the Hyperledger Morristown Meetup
The Hyperledger meetup | Richard Brownstein from Alontrus.

DataKNOX from Alontrus Group

Now, the best for last: the DataKNOX guys, from the Alontrus Group (Sparta).  The product was created by two gentlemen with completely different backgrounds, Dev Bhattacharyya and Richard Brownstein. Just as the name “DataKNOX” implies, it’s the Fort Knox for your data, leveraging the best characteristics of DLT — immutability, security, decentralization — and I have to say “security” again. 

DLT is an excellent choice in this age of cyberattacks. A distributed ledger makes it hard for hackers to access your database. This is because everything is transparent, so it is easy to trace back to the hacker. Also, in order to get into your database, hackers need substantial computational power, which might not be possible for the majority of them out there. Now, before you tell me to hold on a second, did I say transparent?  That’s where the KNOX part of the name comes in.  Every piece of data is hashed by 512-bit encryption, military-grade, but I am getting ahead of myself.

Think of DataKNOX as a connector for your legacy data that can stream it very fast.  It can connect your data to the cloud with blazing speed and security, giving you the ability to leverage any business intelligence/artificial intelligence tools to further extend your workflow and processes.  Suppose a patient needs to transfer from one hospital to another. Because of massive cyberattacks, many hospitals are staying off the web. With DataKNOX, however, you can safely transmit the patient’s data from one hospital to the other, leveraging encryption not only in flight but also at rest.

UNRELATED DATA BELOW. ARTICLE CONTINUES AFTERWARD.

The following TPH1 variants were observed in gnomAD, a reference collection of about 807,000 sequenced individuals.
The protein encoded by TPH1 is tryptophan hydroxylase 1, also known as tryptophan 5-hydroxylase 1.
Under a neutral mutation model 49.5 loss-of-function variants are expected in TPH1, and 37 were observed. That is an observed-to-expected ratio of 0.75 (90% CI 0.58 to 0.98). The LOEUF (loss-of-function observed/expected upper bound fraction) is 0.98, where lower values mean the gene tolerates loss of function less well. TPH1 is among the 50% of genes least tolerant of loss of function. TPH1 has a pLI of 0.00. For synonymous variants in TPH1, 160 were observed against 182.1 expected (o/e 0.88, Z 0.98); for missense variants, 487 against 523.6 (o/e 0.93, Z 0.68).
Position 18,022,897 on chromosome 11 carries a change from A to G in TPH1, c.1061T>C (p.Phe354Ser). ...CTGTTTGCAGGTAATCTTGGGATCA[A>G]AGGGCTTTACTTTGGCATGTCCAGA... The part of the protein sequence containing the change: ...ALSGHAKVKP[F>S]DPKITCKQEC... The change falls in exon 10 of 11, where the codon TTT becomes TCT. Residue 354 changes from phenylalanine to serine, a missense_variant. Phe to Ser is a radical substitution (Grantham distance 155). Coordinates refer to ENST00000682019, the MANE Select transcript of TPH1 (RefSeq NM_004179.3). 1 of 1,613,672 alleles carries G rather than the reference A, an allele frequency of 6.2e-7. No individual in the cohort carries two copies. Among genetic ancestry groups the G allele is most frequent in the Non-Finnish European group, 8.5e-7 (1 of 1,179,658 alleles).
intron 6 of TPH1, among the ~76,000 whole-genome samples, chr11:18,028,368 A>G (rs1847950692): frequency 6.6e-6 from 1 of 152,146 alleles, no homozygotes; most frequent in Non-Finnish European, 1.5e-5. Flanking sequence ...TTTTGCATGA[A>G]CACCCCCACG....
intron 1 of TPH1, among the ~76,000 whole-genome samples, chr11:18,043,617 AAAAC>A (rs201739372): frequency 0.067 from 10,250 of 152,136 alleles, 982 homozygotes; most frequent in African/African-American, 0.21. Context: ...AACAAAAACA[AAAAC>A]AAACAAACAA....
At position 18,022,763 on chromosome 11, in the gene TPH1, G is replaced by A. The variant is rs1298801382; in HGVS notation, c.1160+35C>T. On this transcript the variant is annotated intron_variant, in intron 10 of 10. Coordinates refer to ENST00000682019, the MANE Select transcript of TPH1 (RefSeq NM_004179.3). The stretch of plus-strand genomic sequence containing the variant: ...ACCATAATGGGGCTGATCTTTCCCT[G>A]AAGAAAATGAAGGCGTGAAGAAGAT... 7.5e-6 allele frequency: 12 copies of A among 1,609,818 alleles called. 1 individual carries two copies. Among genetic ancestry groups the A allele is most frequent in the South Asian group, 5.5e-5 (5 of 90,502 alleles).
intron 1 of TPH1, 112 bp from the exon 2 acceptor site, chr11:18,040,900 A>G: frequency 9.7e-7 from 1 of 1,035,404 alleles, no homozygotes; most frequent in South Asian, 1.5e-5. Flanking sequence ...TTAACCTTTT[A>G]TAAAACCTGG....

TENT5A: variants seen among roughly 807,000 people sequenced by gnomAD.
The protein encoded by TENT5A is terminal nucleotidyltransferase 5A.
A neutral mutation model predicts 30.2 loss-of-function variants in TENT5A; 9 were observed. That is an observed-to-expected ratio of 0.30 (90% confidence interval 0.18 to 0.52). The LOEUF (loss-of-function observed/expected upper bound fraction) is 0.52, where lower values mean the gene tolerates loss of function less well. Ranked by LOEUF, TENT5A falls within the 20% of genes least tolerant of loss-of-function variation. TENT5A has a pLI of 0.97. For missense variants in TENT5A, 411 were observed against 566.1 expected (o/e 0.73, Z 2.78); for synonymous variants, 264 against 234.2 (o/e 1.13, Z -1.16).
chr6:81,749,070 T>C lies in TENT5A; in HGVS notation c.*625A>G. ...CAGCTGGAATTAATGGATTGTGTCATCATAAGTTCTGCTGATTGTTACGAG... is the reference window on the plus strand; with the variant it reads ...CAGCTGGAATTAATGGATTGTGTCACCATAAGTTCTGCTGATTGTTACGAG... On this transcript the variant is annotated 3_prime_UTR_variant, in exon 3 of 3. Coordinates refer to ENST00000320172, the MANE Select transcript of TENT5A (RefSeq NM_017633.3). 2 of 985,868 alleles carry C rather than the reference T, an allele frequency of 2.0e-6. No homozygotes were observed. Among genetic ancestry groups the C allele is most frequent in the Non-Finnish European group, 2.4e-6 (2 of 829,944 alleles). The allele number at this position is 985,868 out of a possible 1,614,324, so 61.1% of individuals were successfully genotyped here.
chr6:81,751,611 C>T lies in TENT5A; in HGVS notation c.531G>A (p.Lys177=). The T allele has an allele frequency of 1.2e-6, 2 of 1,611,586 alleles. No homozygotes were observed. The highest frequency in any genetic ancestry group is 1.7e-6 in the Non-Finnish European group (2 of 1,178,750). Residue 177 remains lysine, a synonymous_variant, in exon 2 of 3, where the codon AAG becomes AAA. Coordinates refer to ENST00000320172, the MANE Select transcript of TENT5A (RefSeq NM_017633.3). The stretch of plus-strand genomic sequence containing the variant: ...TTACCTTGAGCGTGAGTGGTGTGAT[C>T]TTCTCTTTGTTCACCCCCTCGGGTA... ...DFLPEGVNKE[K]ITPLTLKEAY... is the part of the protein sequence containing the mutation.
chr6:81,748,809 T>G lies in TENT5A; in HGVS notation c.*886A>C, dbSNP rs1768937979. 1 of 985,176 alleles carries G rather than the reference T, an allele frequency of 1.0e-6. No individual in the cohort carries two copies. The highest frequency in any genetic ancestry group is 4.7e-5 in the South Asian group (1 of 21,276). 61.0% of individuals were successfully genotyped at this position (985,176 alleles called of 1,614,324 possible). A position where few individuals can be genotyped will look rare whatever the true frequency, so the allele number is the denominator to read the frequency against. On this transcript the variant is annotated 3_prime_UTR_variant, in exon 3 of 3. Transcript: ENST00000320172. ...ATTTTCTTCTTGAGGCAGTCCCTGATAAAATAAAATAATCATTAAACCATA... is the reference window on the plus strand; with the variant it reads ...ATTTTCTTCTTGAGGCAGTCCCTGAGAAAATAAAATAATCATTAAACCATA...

The best part is that the data is encrypted and is stored in a massive DLT database across thousands of nodes all over the world (The “d” in “distributed”).  If you ever get hacked, you can feel comfortable, knowing that your data stored in the cloud is 100% real and safe.  The beauty of this process is that you can focus on the data, and not on the infrastructure. You don’t need to worry about massive transformational gyrations that today’s cloud providers make you go through.  Instead, you focus on your applications and how you can help that patient move seamlessly from one hospital to another, fully knowing that his or her data is completely safe and, more importantly, cryptographically backed up in the cloud.

I walked away from the event very excited, thinking about the 1990s and the growth of the internet since then.  In a similar fashion, blockchain development, tools, and products are exploding all over the planet.  According to LinkedIn, blockchain is one of the most in-demand job skills in 2020.  It is definitely similar to the 1990s, when different technologies rose and fell and eventually coalesced into something that today we cannot live without, for better or for worse.  Blockchain is similar: It is exciting, explosive and is fraught with dangerous twists and turns.  After all, walking out of the water was just the beginning. Now it’s time to grow some fur.